NEW YORK (AdAge.com) -- NBC's "The Jay Leno Show" will likely have some of the smallest ratings on broadcast TV's primetime this season. And yet it's probably the most important show of the year.
Mr. Leno symbolizes the new and heartbreaking reality of broadcast-network TV: Large numbers of viewers are moving from big, broad media venues to those that are more personalized, and often found online. That means NBC and its rivals may no longer be able to garner the audiences the allowed them to create hours and hours of dramas that cost tens of millions of dollars to produce each week. Mr. Leno's program may not be a huge hit on the order of "The Cosby Show," but it will cost NBC significantly less than it would to mount five new dramas whose success is far from guaranteed (even TV executives will tell you that 75% to 80% of new shows fail).
That's why his debut week is being watched so closely by the industry. If this gambit works, it could reshape the broadcast primetime model.
Mr. Leno has had his face plastered not only on phone booths and bus stops but also the cover of Time magazine, which declared him "The Future of Television." All this attention for a show that will likely lose in the ratings to CBS and ABC every night it's on. But the industry realizes that this program, coupled with the lower ambitions of the network behind it, could be the first sign that TV going forward will be decidedly less grand. In place of special effects, highly paid celebrities and cliffhanger plots, broadcast TV could become a venue for newsy shows that play off the headlines and live telecasts of important events for which folks have a yen to see as they happen, not hours or days later.
While Mr. Leno's program enjoyed a glitzy launch last week, reaching as many as 18 million viewers with its debut, the hoopla in fact means very little. It's the day-to-day ratings performance of Mr. Leno and crew against soon-to-launch original scripted network fare from ABC and CBS -- not to mention cable -- in the weeks to come that will determine whether his program is truly viable. "The Jay Leno Show" still faces weeks of scrutiny from media buyers and advertisers, many of whom expect to see the show secure a significantly smaller audience as the new TV season progresses.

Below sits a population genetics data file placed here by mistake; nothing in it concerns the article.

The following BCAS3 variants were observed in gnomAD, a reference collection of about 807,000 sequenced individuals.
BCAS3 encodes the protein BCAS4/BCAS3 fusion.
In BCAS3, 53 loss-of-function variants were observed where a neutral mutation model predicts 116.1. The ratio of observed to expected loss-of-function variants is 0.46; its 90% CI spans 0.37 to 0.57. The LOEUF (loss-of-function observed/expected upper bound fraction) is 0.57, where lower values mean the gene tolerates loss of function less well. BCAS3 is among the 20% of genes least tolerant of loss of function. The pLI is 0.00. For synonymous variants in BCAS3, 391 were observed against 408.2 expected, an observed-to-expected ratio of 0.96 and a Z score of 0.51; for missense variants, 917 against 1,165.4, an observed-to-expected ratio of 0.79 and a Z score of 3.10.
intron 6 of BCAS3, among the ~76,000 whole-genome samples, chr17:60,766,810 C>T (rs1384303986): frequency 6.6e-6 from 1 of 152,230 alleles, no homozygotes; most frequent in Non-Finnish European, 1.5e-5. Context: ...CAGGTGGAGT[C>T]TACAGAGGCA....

"When it's up against 'The Mentalist,' 'Private Practice,' 'CSI: Miami,' 'CSI: New York,' you're going to see the audience decline," said Sam Armando, senior VP-director of TV research at Publicis Groupe's Starcom USA.
NBC holds no illusion that last week's performance will be Mr. Leno's status quo. "It's great to launch this innovative new show with such strong initial sampling, but we realize this is just one night and that we're going to build our business in this time period with ratings that will level out over time," said Jeff Gaspin, chairman, NBC Universal Television Entertainment, in a statement. "Our focus is on delivering a great show and developing a consistent comedy-viewing habit at 10 p.m. over the long haul." NBC expects viewing of the show will likely ebb and flow on different days of the week, and has been selling "Jay Leno" to accommodate that dynamic.
Part of the interest in the show comes from fascination with the fortunes of NBC, the once-dominant Peacock network whose inability to replace star properties such as "Friends," "ER" and "Frasier" with more of the same has come just as audiences begin to flock to niche digital venues and use digital video recorders to watch TV in a new fashion that depends little on specific time and day.
In some ways, the network's reliance on Mr. Leno to put forward its new vision is distressing. After an initial stumble after taking over "The Tonight Show" from Johnny Carson in 1992, Mr. Leno developed into a late-night ratings champion. He edged out CBS rival David Letterman for years. Yet no one expects the affable comedian to trump his new competition: crime-and-punishment plots, not jokey riffs on the headlines; big-name celebrities in dramatic confrontations, not funny skits.